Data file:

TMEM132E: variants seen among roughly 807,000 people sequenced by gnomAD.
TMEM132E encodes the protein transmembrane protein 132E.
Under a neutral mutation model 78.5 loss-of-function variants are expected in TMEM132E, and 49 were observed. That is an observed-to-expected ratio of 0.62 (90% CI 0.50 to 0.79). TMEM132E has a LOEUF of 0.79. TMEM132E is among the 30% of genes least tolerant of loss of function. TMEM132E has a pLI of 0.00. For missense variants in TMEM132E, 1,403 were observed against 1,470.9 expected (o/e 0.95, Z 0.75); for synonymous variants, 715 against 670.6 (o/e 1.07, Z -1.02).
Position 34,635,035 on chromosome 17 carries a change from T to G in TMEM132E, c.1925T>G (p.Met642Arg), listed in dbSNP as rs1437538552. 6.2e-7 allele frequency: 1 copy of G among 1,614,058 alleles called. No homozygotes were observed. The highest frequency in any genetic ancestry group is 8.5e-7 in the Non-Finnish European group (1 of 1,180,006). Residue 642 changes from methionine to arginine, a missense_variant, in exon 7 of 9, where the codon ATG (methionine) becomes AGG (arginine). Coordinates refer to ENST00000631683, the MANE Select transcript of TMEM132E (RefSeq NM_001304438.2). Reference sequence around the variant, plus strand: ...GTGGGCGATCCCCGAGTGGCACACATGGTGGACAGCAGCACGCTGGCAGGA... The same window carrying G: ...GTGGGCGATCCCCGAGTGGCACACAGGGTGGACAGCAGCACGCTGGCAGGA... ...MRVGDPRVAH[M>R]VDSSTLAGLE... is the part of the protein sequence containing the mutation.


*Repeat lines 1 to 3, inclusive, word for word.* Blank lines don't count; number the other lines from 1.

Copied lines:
TMEM132E: variants seen among roughly 807,000 people sequenced by gnomAD.
TMEM132E encodes the protein transmembrane protein 132E.
Under a neutral mutation model 78.5 loss-of-function variants are expected in TMEM132E, and 49 were observed. That is an observed-to-expected ratio of 0.62 (90% CI 0.50 to 0.79). TMEM132E has a LOEUF of 0.79. TMEM132E is among the 30% of genes least tolerant of loss of function. TMEM132E has a pLI of 0.00. For missense variants in TMEM132E, 1,403 were observed against 1,470.9 expected (o/e 0.95, Z 0.75); for synonymous variants, 715 against 670.6 (o/e 1.07, Z -1.02).